The Ware Collection of Glass Models of Plants at the Harvard Museum of Natural History should be on every botanists must-see list. It might be the greatest work of botanical art, and most scientific glass work ever created. Made over a span of 50 years (1886-1936) by Leopold and Rudolf Blaschka, a father and son duo, the collection boasts 4,400 pieces representing 847 different plant species. The realism of the glass models tricks the mind into thinking that the plant was plucked just a few hours before.
Under George Lincoln Goodale’s direction, the Harvard Botanical Museum commissioned the Blaschkas to produce glass models of plants for the museum’s collection. The Blaschkas were well-known in the scientific world for being able to produce life-like models of jelly fish and sea slugs, and after visiting their studio and spotting some glass orchids, Goodale requested they make a few models for Harvard. The delicate objects were transported from the Blaschka’s studio in Dresden, Germany, and made it in one piece until they arrived at U.S. customs, where they were handled improperly and destroyed. The craftsmanship was still apparent even in several pieces, and was acknowledged so by Elizabeth C. Ware and her daughter, Mary Lee Ware, whom financed the project for the next 50 years.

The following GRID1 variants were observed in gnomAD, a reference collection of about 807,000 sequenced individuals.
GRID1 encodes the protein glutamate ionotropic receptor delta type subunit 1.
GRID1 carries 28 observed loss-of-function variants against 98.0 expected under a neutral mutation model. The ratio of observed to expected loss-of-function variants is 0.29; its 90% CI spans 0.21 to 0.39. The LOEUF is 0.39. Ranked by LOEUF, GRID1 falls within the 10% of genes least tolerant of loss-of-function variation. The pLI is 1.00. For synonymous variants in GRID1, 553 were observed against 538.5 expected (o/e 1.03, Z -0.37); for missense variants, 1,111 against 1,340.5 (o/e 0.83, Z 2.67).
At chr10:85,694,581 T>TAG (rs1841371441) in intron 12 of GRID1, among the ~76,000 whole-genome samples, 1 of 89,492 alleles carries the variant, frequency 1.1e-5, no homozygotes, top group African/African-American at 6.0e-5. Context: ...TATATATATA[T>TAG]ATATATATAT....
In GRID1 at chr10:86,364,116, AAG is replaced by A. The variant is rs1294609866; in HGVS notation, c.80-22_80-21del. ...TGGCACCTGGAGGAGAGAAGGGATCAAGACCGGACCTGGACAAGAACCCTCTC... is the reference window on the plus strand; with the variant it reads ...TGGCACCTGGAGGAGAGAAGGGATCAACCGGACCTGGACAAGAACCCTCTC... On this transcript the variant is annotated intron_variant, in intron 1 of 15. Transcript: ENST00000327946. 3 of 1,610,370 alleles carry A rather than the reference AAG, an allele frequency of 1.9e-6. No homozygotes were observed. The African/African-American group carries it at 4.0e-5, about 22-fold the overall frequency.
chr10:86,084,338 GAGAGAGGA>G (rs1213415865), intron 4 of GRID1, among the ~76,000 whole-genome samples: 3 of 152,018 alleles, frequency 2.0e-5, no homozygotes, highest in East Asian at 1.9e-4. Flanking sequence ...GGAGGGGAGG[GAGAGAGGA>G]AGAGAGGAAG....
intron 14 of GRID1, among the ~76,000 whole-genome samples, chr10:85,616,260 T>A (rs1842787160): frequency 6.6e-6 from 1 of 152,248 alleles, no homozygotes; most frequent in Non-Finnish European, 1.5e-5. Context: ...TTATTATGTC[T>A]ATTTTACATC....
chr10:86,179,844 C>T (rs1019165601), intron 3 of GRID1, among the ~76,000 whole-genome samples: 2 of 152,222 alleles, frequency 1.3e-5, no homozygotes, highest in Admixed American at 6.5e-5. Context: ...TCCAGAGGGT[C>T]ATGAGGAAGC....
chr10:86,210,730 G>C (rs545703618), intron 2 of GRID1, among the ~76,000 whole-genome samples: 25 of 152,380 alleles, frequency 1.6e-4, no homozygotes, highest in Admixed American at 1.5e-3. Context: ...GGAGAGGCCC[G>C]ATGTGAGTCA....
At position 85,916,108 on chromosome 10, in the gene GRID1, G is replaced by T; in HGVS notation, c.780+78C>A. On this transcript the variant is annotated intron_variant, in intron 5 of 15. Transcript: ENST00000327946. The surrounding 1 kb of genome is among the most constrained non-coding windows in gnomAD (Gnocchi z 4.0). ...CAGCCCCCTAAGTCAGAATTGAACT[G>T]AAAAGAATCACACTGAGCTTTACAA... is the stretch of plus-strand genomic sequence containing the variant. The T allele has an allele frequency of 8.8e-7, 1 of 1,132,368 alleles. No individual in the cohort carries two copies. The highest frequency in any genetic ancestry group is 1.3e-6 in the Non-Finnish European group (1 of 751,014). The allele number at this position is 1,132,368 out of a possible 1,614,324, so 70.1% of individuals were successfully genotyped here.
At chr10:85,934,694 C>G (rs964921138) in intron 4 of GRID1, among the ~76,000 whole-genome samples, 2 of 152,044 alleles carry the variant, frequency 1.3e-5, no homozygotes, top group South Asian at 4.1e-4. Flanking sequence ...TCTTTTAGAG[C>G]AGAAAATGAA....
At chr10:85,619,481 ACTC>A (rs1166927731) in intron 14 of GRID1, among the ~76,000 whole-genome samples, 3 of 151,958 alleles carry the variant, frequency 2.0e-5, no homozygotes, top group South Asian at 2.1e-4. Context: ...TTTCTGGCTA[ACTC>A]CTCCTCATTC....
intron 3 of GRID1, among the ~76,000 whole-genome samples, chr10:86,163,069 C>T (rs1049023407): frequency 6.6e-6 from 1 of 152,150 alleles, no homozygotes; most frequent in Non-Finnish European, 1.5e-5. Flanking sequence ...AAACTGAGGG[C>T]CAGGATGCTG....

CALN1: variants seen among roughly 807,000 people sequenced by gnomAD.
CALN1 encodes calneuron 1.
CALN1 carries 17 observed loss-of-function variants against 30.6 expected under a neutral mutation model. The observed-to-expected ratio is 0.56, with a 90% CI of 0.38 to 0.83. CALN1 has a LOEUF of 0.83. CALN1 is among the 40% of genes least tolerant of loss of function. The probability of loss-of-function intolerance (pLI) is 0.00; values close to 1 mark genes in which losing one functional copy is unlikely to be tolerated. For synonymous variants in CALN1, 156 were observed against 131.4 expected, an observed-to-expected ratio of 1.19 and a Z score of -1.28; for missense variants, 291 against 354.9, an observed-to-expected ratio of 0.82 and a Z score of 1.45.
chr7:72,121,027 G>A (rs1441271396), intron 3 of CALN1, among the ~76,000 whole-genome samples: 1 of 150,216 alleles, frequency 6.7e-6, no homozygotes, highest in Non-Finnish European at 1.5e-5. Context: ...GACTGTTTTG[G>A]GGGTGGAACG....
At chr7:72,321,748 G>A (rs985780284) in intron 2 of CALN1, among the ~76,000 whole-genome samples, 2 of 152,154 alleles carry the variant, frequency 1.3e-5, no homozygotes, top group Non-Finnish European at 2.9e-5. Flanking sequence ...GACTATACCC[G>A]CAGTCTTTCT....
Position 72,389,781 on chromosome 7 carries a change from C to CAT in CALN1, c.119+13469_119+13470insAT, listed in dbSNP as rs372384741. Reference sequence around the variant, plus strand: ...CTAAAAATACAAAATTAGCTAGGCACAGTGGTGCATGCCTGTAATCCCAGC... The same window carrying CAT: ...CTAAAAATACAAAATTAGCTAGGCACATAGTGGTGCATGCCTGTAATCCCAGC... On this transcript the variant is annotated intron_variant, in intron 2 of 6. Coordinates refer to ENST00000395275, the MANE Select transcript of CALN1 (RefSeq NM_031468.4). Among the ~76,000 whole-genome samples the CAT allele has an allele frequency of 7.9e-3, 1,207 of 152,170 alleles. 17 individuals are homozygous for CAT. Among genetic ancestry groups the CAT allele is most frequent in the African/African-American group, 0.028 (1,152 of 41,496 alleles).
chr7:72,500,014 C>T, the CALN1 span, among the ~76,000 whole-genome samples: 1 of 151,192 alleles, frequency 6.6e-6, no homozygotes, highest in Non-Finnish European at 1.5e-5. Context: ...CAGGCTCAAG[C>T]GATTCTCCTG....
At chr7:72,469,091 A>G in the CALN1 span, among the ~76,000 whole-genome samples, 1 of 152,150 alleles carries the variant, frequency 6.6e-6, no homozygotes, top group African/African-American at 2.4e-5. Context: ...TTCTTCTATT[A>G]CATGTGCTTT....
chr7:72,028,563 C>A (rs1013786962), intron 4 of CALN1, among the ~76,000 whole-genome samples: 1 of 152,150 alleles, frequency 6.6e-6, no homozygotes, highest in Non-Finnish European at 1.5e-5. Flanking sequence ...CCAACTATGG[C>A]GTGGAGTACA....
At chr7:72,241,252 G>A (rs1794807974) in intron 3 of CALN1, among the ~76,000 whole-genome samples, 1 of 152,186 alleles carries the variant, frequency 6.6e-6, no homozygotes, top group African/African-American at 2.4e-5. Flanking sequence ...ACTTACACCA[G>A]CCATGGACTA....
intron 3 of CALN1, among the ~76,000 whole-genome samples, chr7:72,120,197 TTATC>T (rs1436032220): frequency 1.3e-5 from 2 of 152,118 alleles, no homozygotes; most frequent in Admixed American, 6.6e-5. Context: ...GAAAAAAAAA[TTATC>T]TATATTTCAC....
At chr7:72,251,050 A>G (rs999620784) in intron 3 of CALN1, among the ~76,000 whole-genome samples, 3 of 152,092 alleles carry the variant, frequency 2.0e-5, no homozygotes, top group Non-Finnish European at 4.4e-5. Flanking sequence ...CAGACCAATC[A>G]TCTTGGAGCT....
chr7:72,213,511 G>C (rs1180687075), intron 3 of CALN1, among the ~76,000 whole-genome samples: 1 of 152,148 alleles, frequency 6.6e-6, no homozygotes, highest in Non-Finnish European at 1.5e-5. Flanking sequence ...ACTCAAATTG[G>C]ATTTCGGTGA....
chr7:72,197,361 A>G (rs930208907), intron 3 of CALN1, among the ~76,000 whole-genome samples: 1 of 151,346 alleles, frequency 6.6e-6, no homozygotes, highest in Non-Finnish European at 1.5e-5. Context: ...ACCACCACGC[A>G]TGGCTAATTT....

The glass models were created from live plants grown in the Dresden Botanical Garden, as well as some specimens that were grown from seed specifically for the project. Rudolf went on multiple trips to study the flora and collect seeds in the Caribbean and the United States. In 1895, Leopold died, and Rudolf continued to work on the project alone for the next 41 years. Rudolf never took on an apprentice, and the secrets of this art form were lost when he died in 1939.
The glass flower models resemble the amount of plant material one would find on an herbarium sheet, except the models are three-dimensional and retain the bold color of a freshly picked specimen. Along with the realism the models present, they also showcase pistils, stamen, pollen grains, cross sections, and longitudinal sections as they would appear when magnified under a microscope.
The collection has experienced some damage-glass corrosion and small cracks-over time and Harvard is taking measures to preserve the collection as best the can. The expertise in this collection has not been matched anywhere else in the world. The minute details in the glandular hairs, spines, cross sections and tiny flowers show the amount of research and work put into each piece. An individual could spend as much time examining this work of art as it took to create it.